“Well, enough of this fluffy philosophical stuff. Let’s get down to our first lesson — how to make a quality stretcher bar from scratch. Craftsmanship! Craftsmanship! Craftsmanship! It is the first step to becoming gods (or goddesses)!” (I go on for some time profoundly talking about lumber quality, lumber yards and the life skills needed to deal with lumber yard employees — heady and useful stuff again.) “Now I clearly realize that most of you are—“ (I almost say morons, then realize its a no no) — “you are Yahoos and won’t remember a word I have spoken. So I have made you an elaborate handout in third-grade English. (Yes, yes, it would all be online now and it is safe to call them yahoos because after thirteen or fourteen years in school they have an almost a complete lack of education. They do not know yahoo means primitive, brute-like humanoid creatures with a complete lack of education. Most will think I am referring to a nearly extinct species of search engine and they will think its cool to be called one of those. Heaven forbid I mention Jonathan Swift — it is probably the name of some neo-post-punk band. At this point I notice that the three still somewhat drunk boys in the back have been in a deep sleep for the past two hours. I admire their more constructive use of the time.)
“Our time is almost over, I know many of you are probably on your way to scamper on to the administration and complain about my insensitivity to gender, race, sexual orientation, religion, and many other issues. Please do as it is good to wake them occasionally, but understand that I will deny it all, and in a class of this size, at least thirty students, I will have a half dozen or more students mentally unstable enough to back me up. Save yourself some time and drop the class. Yes, please, please drop the class. It will eventually dwindle to about eight students anyway — my ideal class size.”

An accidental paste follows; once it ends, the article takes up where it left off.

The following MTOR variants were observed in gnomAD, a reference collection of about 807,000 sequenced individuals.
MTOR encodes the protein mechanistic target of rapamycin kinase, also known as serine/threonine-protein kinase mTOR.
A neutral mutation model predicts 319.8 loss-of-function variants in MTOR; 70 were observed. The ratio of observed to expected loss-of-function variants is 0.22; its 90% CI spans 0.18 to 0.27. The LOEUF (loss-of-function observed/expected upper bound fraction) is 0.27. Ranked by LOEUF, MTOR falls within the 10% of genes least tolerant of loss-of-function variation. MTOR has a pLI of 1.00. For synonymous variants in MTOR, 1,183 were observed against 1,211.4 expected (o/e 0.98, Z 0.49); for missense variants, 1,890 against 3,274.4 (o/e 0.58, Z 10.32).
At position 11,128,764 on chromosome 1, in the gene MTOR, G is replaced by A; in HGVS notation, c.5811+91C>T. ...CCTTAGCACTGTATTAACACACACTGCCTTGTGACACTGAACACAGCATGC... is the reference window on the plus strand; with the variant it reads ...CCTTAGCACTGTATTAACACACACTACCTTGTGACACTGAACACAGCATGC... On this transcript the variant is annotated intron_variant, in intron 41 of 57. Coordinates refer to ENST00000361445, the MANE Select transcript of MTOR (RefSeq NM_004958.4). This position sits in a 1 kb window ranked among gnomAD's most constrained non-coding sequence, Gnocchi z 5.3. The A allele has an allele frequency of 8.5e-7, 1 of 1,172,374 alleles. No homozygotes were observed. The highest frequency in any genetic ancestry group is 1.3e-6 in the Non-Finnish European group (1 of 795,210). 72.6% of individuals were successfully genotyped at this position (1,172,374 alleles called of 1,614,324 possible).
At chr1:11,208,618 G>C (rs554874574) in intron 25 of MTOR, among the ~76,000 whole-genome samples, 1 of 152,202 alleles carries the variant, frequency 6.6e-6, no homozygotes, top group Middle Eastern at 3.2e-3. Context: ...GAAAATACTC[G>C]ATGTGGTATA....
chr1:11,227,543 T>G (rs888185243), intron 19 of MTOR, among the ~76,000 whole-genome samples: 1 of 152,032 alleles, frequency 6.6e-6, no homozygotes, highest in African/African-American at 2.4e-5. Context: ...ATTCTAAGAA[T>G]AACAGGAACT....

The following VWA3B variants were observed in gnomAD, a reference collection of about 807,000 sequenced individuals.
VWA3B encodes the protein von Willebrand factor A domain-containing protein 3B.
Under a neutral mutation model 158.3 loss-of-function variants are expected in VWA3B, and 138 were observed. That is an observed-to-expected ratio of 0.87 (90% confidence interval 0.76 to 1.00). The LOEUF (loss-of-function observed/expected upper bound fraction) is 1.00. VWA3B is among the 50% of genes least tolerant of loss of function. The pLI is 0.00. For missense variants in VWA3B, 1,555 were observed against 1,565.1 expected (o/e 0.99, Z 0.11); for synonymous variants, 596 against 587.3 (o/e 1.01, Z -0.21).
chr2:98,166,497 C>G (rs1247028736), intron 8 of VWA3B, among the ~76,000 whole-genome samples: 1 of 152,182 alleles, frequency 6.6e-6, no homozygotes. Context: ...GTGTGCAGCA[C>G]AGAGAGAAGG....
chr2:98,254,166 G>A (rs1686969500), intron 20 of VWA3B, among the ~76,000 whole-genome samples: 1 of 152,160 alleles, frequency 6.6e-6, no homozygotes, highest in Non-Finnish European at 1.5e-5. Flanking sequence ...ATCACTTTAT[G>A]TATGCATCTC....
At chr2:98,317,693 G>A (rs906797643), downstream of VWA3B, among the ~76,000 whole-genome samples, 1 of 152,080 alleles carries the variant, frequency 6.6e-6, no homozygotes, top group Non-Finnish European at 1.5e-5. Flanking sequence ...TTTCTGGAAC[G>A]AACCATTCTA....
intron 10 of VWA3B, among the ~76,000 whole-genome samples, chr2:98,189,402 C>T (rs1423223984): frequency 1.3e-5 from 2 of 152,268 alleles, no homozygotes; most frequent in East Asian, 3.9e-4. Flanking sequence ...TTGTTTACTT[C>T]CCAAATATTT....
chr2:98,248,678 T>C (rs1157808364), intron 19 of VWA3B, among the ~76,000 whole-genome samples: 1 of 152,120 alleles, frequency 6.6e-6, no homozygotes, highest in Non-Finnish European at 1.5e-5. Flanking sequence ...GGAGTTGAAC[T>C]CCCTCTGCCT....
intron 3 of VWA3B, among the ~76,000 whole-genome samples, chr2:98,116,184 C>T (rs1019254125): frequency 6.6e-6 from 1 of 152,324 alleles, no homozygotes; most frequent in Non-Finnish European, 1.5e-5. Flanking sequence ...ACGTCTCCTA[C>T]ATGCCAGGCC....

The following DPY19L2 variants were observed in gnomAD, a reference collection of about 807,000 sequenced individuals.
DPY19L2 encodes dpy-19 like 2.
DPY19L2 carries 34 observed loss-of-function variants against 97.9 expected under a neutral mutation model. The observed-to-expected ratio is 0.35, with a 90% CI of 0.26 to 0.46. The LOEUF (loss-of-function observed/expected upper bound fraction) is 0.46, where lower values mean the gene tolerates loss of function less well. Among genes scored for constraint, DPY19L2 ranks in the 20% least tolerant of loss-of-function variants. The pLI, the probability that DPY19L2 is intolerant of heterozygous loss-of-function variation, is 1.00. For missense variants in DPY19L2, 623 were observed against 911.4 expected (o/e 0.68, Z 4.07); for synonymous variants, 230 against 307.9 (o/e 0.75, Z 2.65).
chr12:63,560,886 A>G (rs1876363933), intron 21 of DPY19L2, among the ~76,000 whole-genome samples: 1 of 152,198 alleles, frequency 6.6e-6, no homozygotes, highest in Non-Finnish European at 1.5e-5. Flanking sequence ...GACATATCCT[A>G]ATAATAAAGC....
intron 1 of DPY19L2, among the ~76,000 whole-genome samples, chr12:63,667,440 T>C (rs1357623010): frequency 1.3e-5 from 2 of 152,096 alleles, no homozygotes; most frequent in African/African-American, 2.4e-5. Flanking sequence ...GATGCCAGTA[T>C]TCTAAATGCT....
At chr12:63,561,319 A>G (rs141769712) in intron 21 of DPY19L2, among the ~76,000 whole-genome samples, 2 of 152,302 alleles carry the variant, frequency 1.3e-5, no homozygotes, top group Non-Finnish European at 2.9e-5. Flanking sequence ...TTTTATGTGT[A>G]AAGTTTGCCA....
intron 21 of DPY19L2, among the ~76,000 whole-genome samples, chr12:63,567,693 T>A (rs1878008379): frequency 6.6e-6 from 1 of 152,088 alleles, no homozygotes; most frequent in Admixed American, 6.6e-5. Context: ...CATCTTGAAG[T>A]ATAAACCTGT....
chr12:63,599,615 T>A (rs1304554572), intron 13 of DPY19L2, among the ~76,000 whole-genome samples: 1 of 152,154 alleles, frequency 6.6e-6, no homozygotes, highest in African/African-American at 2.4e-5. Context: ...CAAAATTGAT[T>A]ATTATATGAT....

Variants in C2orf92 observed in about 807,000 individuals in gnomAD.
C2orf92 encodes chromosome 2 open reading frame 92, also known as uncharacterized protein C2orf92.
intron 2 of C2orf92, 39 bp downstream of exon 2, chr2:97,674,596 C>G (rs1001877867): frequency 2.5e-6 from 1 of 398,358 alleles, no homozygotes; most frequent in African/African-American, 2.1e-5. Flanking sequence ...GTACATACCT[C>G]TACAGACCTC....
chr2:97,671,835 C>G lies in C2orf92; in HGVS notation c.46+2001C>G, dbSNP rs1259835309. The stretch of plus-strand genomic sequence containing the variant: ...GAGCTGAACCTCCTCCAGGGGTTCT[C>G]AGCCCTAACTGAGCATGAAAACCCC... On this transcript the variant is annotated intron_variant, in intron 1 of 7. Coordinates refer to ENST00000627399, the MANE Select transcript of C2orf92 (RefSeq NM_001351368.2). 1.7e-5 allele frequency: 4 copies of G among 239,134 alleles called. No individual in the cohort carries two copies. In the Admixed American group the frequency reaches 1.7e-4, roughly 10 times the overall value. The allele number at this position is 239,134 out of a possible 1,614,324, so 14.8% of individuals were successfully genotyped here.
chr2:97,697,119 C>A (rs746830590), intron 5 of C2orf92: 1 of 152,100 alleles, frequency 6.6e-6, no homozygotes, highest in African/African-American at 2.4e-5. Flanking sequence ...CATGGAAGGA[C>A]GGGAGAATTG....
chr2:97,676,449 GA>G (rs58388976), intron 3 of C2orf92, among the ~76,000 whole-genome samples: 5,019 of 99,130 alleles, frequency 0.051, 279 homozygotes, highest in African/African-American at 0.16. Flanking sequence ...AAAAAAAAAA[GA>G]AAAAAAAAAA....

“So, class is done, bless you all, see a few of you on Wednesday — please don’t forget your materials for the stretcher bars.” (I begin to giggle again at the absurdity of my plea and then regain my composure and smile lovingly at them all as they numbly stagger from the studio. We gently leave the three young satyrs in the back of the studio, quietly slumbering and mumbling their dreams of fornication).
NOTE: While this lecture was a dream, I shamefully did say much of this to students at one time or another. It may be a blessing that poor health took me from the classroom ten years early or I would be retiring next year leaving behind even more scarred students who could have been hedge fund managers. It is a comfort to me that the human species is so rapidly shaping their own extinction. Then a relieved earth can begin with the business of evolving a truly intelligent life form. (Man, I do miss teaching.)
NOTE, NOTE: I have not had this lecture edited as in its present form it more clearly reflects the mind that created it (and I certainly never edited a lecture in my life).
Mark W. McGinnis, BS in ED., MFA (contact me at Boise’ Walmart on Overland Street with any questions — I’ll be in the lot collecting carts)
©2014 Mark W. McGinnis (I’m going to make a bundle from this one)